It is not hard to become a slave to the tape measure. I see it quite often – the careful measuring of tables and sofa arms and worrying if chairs are the right seat height compared to other pieces of upholstery in the room. I think that – for all sorts of reasons – it is better not to worry too much about any of this, as it forces one into a dreadful corner. Find things that you like, rather than what fits.
While I was on a speed-awareness course recently, we were taught that you have to look at the entire scene ahead rather than focusing only on the car in front (and then mowing down a cyclist). It is similar with a room – do not get too fixated on one thing, but look at it as a whole. It is how all the pieces work together that counts.
Take a look at what you already own and start there. Avoid going to a sofa showroom – no matter how high-end it is – and buying a three-piece suite. I have seen so many rooms with a classic Howard-shape sofa, a couple of matching club chairs and an ottoman floating somewhere far out of foot’s reach. Rooms can suffer terribly when everything is on the same level. You will also find that different people want to sit at different heights, so it is jolly handy to have some more upright chairs that can be pulled up when one’s more senior friends and relatives visit.
In my sitting room, I have a Howard-style sofa and one that is more upright with a wooden frame. There is a slipper chair by the fireplace, a mismatched pair of open-armed chairs, and a stool waiting to be upholstered. These were mostly inherited, or were bought from antique shops such as in Tetbury and , or . is also great – he will have an ottoman, sofa and side chair that work together without matching. I have mentioned before that the designer Peter Dunham told me he likes to avoid the ‘pudding-ness’ of upholstery, and the phrase is still something I bear in mind. Rush-seated chairs can break up that heavy, plump look he refers to. None of my furniture was bought to go together, but it has been upholstered in complementary fabrics.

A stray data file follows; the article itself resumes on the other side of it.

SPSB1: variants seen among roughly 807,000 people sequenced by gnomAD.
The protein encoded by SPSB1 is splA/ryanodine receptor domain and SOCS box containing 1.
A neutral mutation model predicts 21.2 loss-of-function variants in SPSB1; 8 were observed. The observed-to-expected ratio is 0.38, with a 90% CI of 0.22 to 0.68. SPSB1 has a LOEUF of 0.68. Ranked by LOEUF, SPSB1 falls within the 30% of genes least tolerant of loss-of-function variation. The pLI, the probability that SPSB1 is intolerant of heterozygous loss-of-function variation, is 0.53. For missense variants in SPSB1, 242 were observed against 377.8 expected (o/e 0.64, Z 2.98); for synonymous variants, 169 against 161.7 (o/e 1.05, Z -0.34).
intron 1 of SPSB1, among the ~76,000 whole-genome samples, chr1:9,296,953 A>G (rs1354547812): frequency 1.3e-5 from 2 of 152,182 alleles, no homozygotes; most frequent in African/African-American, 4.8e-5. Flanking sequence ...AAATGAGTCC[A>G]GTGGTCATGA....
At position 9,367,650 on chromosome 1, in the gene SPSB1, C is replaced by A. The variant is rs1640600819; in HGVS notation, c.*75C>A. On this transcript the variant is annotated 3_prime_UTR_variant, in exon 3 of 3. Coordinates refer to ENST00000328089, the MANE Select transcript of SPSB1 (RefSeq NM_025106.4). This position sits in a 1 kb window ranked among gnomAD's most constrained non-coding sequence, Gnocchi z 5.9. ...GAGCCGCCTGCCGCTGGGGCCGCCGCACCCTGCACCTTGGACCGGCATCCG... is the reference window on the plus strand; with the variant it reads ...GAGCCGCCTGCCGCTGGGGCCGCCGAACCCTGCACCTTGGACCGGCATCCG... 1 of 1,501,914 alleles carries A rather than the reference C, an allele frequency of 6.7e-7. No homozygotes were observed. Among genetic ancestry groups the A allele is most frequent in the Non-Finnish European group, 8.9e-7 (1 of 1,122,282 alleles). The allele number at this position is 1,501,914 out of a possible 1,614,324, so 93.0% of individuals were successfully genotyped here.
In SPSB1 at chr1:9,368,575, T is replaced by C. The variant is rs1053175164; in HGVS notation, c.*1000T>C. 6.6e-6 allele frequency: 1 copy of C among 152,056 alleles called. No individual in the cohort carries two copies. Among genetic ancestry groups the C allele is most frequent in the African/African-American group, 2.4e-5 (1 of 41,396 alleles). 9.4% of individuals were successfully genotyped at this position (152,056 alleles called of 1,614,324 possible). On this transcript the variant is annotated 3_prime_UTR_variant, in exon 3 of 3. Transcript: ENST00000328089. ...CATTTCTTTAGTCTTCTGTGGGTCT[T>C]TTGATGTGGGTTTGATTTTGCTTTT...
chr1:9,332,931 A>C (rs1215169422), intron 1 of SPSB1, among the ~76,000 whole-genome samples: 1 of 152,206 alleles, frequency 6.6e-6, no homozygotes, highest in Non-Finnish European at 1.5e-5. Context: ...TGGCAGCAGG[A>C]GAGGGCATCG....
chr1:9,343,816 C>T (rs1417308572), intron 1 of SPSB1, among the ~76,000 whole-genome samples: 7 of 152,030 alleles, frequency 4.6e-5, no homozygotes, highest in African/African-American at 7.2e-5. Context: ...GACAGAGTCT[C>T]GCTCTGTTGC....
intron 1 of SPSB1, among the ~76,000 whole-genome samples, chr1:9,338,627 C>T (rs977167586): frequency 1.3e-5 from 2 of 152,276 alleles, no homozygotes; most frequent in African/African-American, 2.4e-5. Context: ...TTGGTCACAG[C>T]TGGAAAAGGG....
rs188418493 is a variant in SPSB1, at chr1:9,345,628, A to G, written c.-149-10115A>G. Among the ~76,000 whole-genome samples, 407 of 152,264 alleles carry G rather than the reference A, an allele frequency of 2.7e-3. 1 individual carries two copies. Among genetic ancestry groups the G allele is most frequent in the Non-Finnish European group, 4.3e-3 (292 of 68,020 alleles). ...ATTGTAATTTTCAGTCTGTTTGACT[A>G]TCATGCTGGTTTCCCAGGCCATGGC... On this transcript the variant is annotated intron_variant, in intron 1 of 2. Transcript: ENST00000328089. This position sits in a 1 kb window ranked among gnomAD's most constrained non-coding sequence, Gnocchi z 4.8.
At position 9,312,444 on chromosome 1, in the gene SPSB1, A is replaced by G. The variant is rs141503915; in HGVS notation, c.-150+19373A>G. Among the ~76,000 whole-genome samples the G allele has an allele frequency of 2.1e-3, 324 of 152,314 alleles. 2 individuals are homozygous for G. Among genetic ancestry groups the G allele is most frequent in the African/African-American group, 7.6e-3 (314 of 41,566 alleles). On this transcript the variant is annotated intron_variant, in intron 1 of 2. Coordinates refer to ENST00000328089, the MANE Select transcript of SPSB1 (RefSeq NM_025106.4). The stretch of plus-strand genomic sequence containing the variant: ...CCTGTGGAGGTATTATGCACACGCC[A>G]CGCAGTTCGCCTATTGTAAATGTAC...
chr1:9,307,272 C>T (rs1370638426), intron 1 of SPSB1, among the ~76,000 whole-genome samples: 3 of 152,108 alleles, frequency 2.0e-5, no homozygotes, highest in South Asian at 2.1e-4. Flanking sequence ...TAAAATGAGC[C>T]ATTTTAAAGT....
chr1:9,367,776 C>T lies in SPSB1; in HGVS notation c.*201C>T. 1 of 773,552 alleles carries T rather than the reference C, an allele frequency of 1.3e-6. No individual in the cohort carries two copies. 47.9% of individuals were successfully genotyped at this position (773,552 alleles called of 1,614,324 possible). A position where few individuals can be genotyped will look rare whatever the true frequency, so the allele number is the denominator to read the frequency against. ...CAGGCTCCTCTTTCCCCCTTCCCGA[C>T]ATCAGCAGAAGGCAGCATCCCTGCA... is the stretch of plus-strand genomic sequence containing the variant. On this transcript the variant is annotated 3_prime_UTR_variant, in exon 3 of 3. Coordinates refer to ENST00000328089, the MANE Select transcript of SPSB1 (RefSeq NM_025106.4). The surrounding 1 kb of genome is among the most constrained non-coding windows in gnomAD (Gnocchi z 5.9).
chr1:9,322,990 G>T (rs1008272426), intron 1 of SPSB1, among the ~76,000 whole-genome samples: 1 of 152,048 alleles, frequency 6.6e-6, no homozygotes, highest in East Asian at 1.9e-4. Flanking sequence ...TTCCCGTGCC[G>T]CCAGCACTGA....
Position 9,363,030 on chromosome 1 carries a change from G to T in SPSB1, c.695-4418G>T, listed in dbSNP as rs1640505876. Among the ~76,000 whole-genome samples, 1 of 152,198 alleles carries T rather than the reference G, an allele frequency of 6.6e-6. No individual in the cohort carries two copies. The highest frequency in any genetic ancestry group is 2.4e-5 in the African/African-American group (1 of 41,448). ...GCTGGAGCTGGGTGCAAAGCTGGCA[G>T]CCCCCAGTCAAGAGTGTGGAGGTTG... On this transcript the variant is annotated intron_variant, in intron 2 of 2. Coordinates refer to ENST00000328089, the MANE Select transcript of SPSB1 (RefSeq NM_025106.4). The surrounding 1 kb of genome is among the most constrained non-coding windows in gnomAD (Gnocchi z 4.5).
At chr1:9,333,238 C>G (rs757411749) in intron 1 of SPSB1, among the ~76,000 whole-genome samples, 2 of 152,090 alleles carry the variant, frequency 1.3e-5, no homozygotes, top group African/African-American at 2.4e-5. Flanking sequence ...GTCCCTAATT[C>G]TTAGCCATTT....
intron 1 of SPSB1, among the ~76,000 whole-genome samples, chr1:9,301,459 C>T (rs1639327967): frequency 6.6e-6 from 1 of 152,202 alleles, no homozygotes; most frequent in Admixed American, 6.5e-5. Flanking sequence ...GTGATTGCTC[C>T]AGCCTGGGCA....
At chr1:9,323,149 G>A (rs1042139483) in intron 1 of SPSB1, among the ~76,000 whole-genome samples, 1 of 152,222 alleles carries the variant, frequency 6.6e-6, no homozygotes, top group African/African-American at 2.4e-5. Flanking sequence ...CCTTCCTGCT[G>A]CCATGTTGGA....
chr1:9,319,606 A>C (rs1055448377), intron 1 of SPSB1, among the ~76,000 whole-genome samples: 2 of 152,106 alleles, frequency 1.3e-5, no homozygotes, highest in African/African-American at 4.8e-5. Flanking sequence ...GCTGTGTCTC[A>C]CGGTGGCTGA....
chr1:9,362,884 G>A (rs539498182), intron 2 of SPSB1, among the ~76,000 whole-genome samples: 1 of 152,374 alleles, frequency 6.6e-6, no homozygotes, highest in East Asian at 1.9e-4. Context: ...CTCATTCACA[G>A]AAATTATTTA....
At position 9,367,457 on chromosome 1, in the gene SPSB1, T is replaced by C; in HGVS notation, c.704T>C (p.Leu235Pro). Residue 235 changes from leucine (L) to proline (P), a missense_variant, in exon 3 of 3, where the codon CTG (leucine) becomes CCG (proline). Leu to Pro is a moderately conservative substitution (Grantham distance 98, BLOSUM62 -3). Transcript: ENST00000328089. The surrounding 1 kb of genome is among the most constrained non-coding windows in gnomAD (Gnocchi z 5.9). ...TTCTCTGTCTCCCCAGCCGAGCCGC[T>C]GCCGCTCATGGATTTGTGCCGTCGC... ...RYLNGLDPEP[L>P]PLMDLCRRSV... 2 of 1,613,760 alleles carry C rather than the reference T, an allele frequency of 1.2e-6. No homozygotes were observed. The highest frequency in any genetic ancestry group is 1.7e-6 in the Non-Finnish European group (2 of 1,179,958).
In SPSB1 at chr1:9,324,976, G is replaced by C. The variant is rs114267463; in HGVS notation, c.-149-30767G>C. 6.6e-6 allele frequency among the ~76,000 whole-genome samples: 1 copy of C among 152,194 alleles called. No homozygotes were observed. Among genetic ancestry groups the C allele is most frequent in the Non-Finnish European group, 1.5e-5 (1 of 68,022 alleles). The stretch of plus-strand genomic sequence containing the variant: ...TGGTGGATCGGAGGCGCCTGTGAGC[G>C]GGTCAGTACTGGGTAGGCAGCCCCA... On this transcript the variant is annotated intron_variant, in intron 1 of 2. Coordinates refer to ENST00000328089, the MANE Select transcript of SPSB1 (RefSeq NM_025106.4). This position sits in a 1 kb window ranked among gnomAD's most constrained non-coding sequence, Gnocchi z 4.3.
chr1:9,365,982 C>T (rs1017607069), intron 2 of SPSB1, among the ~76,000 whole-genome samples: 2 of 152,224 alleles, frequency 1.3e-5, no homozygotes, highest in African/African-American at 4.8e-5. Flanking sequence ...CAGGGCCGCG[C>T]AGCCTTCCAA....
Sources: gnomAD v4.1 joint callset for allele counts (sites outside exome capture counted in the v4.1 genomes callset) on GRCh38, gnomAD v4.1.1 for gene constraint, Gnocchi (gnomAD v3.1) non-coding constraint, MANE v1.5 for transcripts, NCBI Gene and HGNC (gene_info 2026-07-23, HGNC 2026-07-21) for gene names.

This month’s column is not specifically about tables, but they matter enormously when considering upholstered furniture. A sofa is not comfortable without a table – where are you going to put your drink? It does not matter if the table in question is lower or higher than the arm of the chair, just that it is of a scale and style that fits with the room.
Keep the arrangement loose and have fun putting together a mix of new pieces and old friends. Break up softness with vertical lines and hard surfaces (lamps and tables are ideal for this) to create a balanced whole rather than a meeting room of seats.